skyHoggData.cyb = fillmissing(skyHoggData.cyb, "previous", "MissingLocations", skyHoggData.cyb == 99999); skyHoggData.cnb = fillmissing(skyHoggData.cnb, "previous", "MissingLocations", skyHoggData.cnb == 99999); skyHoggData.clq = fillmissing(skyHoggData.clq, "previous", "MissingLocations", skyHoggData.clq == 99999); skyHoggData.cmq = fillmissing(skyHoggData.cmq, "previous", "MissingLocations", skyHoggData.cmq == 99999);

With the missing data filled, the fixed-wing aircraft can be constructed.

First, the fixed-wing aircraft is prepared with the desired aircraft name.

Optionally, the aircraft name can be extracted from the "case" field on the DATCOM struct by passing an empty fixed-wing object.

skyHogg = Aero.FixedWing(); skyHogg.Properties.Name = "Sky_Hogg"; skyHogg.DegreesOfFreedom = "3DOF"; [skyHogg, cruiseState] = datcomToFixedWing(skyHogg, skyHoggData);

The datcomToFixedWing will convert all compatible data from the datcom struct into the fixed-wing object and its state. However, the returned state still needs processing to get the desired initial conditions of the aircraft.

In this example, the environment, mass, inertia, airspeed, and center of pressure need adjusting.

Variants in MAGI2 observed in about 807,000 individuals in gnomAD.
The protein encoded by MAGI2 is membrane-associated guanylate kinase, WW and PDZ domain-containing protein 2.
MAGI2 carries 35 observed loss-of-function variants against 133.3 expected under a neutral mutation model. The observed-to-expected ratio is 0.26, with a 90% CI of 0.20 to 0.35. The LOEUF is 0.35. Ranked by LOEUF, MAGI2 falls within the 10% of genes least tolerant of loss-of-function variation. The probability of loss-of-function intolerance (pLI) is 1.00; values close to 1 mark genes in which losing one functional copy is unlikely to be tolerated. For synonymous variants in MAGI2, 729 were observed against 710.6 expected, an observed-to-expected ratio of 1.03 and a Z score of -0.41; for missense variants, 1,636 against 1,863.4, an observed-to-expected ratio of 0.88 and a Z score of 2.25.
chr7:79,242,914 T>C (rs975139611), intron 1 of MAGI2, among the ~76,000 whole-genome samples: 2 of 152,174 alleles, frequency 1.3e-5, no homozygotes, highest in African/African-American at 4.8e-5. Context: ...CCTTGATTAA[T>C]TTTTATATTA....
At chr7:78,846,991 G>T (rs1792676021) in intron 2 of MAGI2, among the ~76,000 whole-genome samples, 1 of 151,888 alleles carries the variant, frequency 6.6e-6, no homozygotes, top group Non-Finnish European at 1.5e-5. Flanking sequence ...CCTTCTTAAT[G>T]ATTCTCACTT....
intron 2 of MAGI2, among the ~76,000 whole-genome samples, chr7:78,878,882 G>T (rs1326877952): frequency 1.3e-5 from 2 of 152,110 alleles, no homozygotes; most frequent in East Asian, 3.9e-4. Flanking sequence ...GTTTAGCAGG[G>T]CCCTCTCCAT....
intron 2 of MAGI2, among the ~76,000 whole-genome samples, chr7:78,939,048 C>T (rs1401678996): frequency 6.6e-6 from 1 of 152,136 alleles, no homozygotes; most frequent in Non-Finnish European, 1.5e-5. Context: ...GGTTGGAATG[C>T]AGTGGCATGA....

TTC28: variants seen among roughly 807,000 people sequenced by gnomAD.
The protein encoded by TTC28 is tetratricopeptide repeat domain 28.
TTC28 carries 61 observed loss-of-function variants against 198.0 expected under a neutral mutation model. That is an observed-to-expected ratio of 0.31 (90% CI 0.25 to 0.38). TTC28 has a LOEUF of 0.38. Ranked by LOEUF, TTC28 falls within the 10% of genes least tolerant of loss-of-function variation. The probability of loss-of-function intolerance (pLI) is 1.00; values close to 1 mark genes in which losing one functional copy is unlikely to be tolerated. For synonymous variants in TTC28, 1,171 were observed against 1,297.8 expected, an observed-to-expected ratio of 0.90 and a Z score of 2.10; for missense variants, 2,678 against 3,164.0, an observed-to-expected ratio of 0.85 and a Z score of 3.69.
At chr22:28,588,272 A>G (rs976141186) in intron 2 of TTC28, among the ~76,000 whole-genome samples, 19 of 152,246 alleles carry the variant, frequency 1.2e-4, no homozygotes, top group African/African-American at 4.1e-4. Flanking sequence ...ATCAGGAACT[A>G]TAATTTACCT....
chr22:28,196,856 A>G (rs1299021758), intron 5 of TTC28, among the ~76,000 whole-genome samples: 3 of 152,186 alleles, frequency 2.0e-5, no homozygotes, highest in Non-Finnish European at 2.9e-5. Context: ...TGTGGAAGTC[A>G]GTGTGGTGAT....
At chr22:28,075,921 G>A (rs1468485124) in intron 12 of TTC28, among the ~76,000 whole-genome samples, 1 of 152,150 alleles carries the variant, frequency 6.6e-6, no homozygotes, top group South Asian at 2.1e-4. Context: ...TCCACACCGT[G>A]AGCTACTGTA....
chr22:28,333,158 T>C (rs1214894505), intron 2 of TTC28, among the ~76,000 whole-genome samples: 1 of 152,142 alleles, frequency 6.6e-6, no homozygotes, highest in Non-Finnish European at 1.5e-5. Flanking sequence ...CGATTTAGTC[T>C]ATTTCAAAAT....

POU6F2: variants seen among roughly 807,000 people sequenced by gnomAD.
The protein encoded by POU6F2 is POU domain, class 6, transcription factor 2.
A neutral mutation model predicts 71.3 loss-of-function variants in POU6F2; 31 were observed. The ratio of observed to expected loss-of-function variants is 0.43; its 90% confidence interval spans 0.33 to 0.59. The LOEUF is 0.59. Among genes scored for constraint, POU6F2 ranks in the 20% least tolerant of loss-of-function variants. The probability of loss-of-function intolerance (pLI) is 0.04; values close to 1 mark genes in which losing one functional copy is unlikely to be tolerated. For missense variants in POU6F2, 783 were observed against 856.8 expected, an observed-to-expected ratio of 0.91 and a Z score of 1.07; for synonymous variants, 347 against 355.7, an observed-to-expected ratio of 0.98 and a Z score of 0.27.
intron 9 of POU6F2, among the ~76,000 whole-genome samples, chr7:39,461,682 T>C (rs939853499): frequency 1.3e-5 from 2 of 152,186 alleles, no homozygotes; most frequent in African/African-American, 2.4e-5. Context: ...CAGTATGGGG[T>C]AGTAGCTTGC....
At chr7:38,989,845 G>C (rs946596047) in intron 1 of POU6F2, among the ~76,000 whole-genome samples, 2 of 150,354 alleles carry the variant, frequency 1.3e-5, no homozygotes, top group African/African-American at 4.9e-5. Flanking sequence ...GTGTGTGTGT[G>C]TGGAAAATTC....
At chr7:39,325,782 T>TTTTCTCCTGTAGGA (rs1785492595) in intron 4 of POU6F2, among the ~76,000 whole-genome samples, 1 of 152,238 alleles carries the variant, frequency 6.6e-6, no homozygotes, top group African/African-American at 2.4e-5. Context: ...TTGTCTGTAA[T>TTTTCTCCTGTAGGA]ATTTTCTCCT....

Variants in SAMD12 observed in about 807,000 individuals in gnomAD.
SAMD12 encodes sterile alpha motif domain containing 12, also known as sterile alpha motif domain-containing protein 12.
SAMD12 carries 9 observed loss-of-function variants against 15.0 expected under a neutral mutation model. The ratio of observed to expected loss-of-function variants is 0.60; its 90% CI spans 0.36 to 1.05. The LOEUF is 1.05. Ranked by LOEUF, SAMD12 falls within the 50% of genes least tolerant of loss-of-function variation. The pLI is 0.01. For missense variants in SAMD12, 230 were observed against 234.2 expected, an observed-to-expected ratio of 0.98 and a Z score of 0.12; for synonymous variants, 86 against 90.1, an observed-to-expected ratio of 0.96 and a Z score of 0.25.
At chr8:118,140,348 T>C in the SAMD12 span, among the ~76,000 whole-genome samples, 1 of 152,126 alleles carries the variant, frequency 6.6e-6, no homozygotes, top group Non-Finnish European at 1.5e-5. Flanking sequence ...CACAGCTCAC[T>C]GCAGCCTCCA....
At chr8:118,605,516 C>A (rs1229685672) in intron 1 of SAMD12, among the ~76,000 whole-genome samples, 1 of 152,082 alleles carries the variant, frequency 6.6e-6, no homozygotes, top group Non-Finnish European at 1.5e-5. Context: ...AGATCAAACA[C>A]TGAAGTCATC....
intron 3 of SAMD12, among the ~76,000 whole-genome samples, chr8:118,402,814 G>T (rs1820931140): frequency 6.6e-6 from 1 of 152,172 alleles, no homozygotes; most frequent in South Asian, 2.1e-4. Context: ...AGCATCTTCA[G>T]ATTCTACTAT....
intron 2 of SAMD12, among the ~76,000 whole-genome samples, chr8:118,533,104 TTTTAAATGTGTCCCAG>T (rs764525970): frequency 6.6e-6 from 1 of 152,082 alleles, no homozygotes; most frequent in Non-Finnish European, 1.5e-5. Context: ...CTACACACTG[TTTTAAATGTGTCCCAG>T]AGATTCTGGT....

h = 2000; [T, a, p, rho] = atmoscoesa(convlength(h, "ft", "m")); cruiseState.AltitudeMSL = h; cruiseState.Environment.Temperature = convtemp(T,"K", "R"); cruiseState.Environment.SpeedOfSound = convvel(a, "m/s", "ft/s"); cruiseState.Environment.Pressure = convpres(p, "pa", "psf"); cruiseState.Environment.Density = convdensity(rho, "kg/m^3", "slug/ft^3"); cruiseState.U = 169.42; cruiseState.Mass = 1299.214; cruiseState.Inertia.Variables = [5787.969 0 117.64;0 6928.93 0;-117.64 0 11578.329]; cruiseState.CenterOfPressure = [0.183, 0, 0];

Performing a static stability analysis helps determine the dynamic stability of the system without calculating a dynamic system response.

stability = staticStability(skyHogg, cruiseState)

`stability=`*6×8 table*
U V W Alpha Beta P Q R
________ _________ ________ ________ _________ _________ ________ _________
FX "Stable" "" "" "" "" "" "" ""
FY "" "Neutral" "" "" "" "" "" ""
FZ "" "" "Stable" "" "" "" "" ""
L "" "" "" "" "Neutral" "Neutral" "" ""
M "Stable" "" "" "Stable" "" "" "Stable" ""
N "" "" "" "" "Neutral" "" "" "Neutral"

With statically stable forces and moments, with perturbations to forward and vertical speeds, and perturbations to angle of attack, the dynamic stability of the system tends towards an oscillating steady-state when perturbing the forward and vertical speeds.

To verify this behavior, use the Control System Toolbox™.

To use the tools within the Control System Toolbox™, linearize the aircraft around a state.